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King! when they have no need of temples in which to perform their worship, nor instrumental duties to accent and kindle their devotion ! for the Lord God Almighty, and the Lamb, are the temple thereof Bleifed indeed are they that dwell in God's house 2bove ; they will be still praising Him.

I shall only add, that that which will complete their happiness, is, its everlasting duration. They Thall go into life eternal; and this endears the man Gions of glory to the righteous, as much as it will imbitter the gloomy regions of hell to the wicked. No. years nor ages measure the delights of heaven. The ransomed of the Lord, when they come to Zion, have everlasting joy on their heads. The inheritance is incorruptible, and fadeth not away. It is an e ternal, as well as exceeding weight of glory; and, when millions of ages are past and gone, a happ: immortality is flill before them. And what an ao cent will it give to the praises of the redeemed, when in the triumph of full security in the Divine promises they can say, “ This God is our God for ever and “ ever !” Here is happiness, as it were, redoubled by: the comfortable reflection, that He will be their por tion through eternity, and that they shall be ever with the Lord..

· Thus I have endeavoured to give you some imper fect account of that eternal life, which is promised to the righteous in a future world.

And now, have we not the highest reason to add mire and adore the exceeding riches of God's good ness? This reward is entirely of grace, and not of debt. The infinitely great Jéhovah, was perfectly happy in the enjoyment of his own essential glory He had no need of our services, far less was under any obligation to reward them. Juftly then may we exclaim with the pious pfalmist, “ Lord, what BCN « man, that thou art mindful of him? or the fonol,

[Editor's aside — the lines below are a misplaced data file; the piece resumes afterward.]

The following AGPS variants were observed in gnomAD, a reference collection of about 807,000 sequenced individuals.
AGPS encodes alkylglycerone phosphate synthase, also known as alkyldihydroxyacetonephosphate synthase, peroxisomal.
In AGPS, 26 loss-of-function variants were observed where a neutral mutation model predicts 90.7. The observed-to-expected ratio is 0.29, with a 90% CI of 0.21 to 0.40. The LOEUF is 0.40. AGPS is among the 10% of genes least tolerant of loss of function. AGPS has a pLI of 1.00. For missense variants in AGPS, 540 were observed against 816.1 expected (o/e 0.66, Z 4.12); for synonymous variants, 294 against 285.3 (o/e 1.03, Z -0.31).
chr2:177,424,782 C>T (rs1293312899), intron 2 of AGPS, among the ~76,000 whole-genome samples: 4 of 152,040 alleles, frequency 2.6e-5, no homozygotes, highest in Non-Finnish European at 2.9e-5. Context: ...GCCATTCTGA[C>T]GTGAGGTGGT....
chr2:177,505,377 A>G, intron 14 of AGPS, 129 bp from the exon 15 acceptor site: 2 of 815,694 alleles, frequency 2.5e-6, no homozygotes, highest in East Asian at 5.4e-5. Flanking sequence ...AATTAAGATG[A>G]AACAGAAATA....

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as man, that thou shouldst thus visit him ?” Upon our apostasy from Him, he might justly have doomed us all to endless misery, without giving us the most distant prospect of happiness. What reason, then, have we to adore and worship Him, who, in his abundant mercy, hath begotten us again to a lively hope, and given encouragement to seek after eternal life through. his Son!

But again, what returns of gratitude and praise do we owe to our Bleffed Redeemer, who laid down his own precious life, that we might obtain salvation and eternal glory! If the Son of God had not come into the world, life and immortality had not been brought to light by the gospel. How did he abase himself, that we might be exalted! For our fake he became poor, that we, through his poverty, might be made rich: Nay, he cheerfully submitted to death, even the death of the cross, that we might inherit eternal life. What obligations, then, do we ly under to the Blessed Redeemer, through whose merits and interceslion it is, that we are admitted into the mansions of glory!

But further, hence we see, that it is no vain thing o serve the Lord. No; verily there is a reward for the righteous. God will give grace and glory, and ke will withhold no good thing from them that walk aprightly. Let it then be your greatest concern, you who are fill unbelievers, and thus have no title,to eternal life; let it be your greatest concern, that: you may be of the happy number of the righteous, who fhall at last go into it. Give all diligence to get an interest in the imputed righteousness of Christ; that, being justified by faith, you may be made heirs according to the hope of eternal life. Labour after inherent holiness. Implore Divine grace to make a sanctifying change in your nature. Take up with nothing short of it. Dream not of entering ina b the kingdom of God without being born from a. Ove. Remember, you must live the life of the righ

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teous, if you would have your latter end like his. For it is an established truth, that without holiness no man shall see the Lord.